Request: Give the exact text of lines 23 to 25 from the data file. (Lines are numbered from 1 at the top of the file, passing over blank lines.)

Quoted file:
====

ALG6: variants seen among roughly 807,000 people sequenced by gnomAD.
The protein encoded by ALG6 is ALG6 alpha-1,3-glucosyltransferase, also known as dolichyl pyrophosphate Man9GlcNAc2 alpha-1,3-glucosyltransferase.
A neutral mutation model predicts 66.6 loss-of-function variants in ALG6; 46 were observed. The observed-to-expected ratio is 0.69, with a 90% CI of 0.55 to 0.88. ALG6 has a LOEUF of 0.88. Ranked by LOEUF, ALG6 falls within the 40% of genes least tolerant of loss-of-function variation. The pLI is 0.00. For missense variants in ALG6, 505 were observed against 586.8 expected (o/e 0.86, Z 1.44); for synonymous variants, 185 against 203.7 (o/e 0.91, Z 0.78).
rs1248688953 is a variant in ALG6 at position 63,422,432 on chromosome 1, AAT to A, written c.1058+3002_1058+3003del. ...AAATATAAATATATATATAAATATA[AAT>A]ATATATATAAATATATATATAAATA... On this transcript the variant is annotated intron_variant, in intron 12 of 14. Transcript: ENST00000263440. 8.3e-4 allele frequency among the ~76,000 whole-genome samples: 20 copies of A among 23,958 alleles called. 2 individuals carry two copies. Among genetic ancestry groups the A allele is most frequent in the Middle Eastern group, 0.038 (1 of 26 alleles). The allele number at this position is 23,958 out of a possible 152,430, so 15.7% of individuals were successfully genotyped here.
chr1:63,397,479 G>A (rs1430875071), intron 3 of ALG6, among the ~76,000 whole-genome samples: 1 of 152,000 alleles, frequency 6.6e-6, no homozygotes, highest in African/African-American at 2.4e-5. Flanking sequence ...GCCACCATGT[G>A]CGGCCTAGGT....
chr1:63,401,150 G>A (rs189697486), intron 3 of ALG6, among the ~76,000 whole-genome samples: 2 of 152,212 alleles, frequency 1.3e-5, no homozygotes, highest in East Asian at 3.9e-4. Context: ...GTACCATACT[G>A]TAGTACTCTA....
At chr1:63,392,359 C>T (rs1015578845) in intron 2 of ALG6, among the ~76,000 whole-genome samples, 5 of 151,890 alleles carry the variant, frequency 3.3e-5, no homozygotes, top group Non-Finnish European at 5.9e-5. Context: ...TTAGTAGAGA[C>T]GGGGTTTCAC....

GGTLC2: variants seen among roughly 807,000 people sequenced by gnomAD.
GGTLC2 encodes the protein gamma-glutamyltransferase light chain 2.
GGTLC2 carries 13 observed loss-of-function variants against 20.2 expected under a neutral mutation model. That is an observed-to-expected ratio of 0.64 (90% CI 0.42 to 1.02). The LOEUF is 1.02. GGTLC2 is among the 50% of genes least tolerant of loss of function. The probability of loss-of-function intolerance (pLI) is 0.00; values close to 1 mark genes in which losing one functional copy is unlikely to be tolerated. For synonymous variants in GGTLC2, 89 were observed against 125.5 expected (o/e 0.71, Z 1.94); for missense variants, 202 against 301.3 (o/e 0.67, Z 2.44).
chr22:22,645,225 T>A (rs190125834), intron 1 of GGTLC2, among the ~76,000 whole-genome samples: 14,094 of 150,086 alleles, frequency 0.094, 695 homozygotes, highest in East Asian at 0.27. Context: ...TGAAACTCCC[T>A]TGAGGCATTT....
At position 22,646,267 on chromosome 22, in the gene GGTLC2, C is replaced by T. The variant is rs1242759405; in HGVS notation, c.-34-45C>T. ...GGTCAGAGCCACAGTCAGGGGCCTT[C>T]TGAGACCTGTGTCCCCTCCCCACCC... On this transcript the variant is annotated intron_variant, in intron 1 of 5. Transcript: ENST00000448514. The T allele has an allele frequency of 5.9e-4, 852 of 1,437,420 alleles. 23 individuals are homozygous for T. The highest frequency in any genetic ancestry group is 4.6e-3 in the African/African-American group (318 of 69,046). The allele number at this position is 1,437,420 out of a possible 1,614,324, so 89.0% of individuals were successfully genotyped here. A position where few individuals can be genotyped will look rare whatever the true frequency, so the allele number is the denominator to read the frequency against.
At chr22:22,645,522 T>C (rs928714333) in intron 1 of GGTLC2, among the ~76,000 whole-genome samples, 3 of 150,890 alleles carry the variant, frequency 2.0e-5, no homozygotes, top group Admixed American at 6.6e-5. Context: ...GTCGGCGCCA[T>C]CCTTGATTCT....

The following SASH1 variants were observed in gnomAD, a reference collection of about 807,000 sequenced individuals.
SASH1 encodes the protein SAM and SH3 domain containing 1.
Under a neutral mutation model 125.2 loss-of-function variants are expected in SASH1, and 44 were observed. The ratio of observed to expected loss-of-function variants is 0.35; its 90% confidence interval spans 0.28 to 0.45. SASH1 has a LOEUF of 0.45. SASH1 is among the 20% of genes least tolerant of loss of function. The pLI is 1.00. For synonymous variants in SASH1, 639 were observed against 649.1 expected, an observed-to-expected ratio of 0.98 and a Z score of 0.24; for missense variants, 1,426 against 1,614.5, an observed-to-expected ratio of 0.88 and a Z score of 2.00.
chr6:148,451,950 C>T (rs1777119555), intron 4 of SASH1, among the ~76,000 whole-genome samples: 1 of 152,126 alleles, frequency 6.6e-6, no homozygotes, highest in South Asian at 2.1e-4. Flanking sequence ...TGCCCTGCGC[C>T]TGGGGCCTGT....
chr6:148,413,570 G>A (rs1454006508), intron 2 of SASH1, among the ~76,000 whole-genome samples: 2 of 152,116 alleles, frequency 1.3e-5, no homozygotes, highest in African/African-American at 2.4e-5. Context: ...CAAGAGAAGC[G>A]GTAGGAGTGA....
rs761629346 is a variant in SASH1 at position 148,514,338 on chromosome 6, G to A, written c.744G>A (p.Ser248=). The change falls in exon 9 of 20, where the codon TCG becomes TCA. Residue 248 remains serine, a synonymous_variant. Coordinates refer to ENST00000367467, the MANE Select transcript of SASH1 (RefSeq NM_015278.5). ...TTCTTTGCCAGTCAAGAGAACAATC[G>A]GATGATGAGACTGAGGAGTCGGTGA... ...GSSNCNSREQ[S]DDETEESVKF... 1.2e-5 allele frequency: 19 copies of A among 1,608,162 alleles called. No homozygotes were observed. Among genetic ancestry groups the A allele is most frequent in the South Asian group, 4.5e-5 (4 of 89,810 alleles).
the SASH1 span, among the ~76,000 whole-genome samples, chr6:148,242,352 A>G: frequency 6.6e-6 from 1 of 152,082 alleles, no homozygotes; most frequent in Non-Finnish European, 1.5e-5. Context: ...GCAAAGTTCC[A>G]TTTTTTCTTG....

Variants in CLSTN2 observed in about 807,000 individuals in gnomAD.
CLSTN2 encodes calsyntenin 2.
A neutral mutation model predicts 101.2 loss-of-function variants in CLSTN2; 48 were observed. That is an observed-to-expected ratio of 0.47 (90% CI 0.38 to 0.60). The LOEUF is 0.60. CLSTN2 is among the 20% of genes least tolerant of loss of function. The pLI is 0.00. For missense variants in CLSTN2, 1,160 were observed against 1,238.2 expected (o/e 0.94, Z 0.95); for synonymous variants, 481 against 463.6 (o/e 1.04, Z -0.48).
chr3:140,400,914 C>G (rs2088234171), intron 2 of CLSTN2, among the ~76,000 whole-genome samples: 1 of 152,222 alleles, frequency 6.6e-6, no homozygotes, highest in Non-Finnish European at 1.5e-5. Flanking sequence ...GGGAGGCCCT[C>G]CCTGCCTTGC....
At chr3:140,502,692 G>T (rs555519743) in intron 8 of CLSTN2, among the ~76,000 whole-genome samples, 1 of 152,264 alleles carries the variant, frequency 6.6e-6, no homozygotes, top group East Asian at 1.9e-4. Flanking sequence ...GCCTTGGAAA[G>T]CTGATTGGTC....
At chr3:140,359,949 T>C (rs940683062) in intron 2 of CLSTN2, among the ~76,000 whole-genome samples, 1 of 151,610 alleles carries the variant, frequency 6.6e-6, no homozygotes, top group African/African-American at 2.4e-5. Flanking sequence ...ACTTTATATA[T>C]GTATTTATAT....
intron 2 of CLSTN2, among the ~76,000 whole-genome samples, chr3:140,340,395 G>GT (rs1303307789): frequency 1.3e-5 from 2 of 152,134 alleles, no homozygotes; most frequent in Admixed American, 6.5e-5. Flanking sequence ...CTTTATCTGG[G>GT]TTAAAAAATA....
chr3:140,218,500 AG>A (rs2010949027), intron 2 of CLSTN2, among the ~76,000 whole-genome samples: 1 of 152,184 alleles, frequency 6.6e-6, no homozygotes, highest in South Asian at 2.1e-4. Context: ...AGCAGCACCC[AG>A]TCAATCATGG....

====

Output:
A neutral mutation model predicts 101.2 loss-of-function variants in CLSTN2; 48 were observed. That is an observed-to-expected ratio of 0.47 (90% CI 0.38 to 0.60). The LOEUF is 0.60. CLSTN2 is among the 20% of genes least tolerant of loss of function. The pLI is 0.00. For missense variants in CLSTN2, 1,160 were observed against 1,238.2 expected (o/e 0.94, Z 0.95); for synonymous variants, 481 against 463.6 (o/e 1.04, Z -0.48).
chr3:140,400,914 C>G (rs2088234171), intron 2 of CLSTN2, among the ~76,000 whole-genome samples: 1 of 152,222 alleles, frequency 6.6e-6, no homozygotes, highest in Non-Finnish European at 1.5e-5. Flanking sequence ...GGGAGGCCCT[C>G]CCTGCCTTGC....
At chr3:140,502,692 G>T (rs555519743) in intron 8 of CLSTN2, among the ~76,000 whole-genome samples, 1 of 152,264 alleles carries the variant, frequency 6.6e-6, no homozygotes, top group East Asian at 1.9e-4. Flanking sequence ...GCCTTGGAAA[G>T]CTGATTGGTC....